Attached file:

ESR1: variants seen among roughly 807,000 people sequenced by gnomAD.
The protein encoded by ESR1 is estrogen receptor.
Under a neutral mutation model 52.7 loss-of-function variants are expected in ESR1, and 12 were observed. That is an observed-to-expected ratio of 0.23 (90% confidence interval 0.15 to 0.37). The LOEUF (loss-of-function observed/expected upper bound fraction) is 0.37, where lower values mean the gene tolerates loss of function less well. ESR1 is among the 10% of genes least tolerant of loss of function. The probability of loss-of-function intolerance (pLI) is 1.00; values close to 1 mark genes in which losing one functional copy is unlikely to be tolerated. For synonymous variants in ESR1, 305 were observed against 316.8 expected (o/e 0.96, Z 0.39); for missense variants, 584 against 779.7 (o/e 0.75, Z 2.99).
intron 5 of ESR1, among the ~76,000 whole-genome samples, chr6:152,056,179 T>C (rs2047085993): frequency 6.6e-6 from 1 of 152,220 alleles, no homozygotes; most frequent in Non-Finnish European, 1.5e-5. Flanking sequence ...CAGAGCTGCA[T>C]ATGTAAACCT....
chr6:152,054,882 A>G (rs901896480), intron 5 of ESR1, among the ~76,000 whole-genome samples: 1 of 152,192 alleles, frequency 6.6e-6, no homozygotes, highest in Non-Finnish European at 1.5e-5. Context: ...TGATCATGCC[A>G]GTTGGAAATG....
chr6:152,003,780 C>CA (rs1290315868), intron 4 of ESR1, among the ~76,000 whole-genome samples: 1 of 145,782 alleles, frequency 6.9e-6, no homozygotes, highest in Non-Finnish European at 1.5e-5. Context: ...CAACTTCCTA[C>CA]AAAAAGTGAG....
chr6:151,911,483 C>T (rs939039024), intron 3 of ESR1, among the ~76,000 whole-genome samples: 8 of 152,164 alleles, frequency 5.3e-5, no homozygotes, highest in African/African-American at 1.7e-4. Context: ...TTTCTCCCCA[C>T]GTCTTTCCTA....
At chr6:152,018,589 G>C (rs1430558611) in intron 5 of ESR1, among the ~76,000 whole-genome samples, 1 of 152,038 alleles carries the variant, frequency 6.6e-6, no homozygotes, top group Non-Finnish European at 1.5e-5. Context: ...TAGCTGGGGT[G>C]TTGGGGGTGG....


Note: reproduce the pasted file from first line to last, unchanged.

ESR1: variants seen among roughly 807,000 people sequenced by gnomAD.
The protein encoded by ESR1 is estrogen receptor.
Under a neutral mutation model 52.7 loss-of-function variants are expected in ESR1, and 12 were observed. That is an observed-to-expected ratio of 0.23 (90% confidence interval 0.15 to 0.37). The LOEUF (loss-of-function observed/expected upper bound fraction) is 0.37, where lower values mean the gene tolerates loss of function less well. ESR1 is among the 10% of genes least tolerant of loss of function. The probability of loss-of-function intolerance (pLI) is 1.00; values close to 1 mark genes in which losing one functional copy is unlikely to be tolerated. For synonymous variants in ESR1, 305 were observed against 316.8 expected (o/e 0.96, Z 0.39); for missense variants, 584 against 779.7 (o/e 0.75, Z 2.99).
intron 5 of ESR1, among the ~76,000 whole-genome samples, chr6:152,056,179 T>C (rs2047085993): frequency 6.6e-6 from 1 of 152,220 alleles, no homozygotes; most frequent in Non-Finnish European, 1.5e-5. Flanking sequence ...CAGAGCTGCA[T>C]ATGTAAACCT....
chr6:152,054,882 A>G (rs901896480), intron 5 of ESR1, among the ~76,000 whole-genome samples: 1 of 152,192 alleles, frequency 6.6e-6, no homozygotes, highest in Non-Finnish European at 1.5e-5. Context: ...TGATCATGCC[A>G]GTTGGAAATG....
chr6:152,003,780 C>CA (rs1290315868), intron 4 of ESR1, among the ~76,000 whole-genome samples: 1 of 145,782 alleles, frequency 6.9e-6, no homozygotes, highest in Non-Finnish European at 1.5e-5. Context: ...CAACTTCCTA[C>CA]AAAAAGTGAG....
chr6:151,911,483 C>T (rs939039024), intron 3 of ESR1, among the ~76,000 whole-genome samples: 8 of 152,164 alleles, frequency 5.3e-5, no homozygotes, highest in African/African-American at 1.7e-4. Context: ...TTTCTCCCCA[C>T]GTCTTTCCTA....
At chr6:152,018,589 G>C (rs1430558611) in intron 5 of ESR1, among the ~76,000 whole-genome samples, 1 of 152,038 alleles carries the variant, frequency 6.6e-6, no homozygotes, top group Non-Finnish European at 1.5e-5. Context: ...TAGCTGGGGT[G>C]TTGGGGGTGG....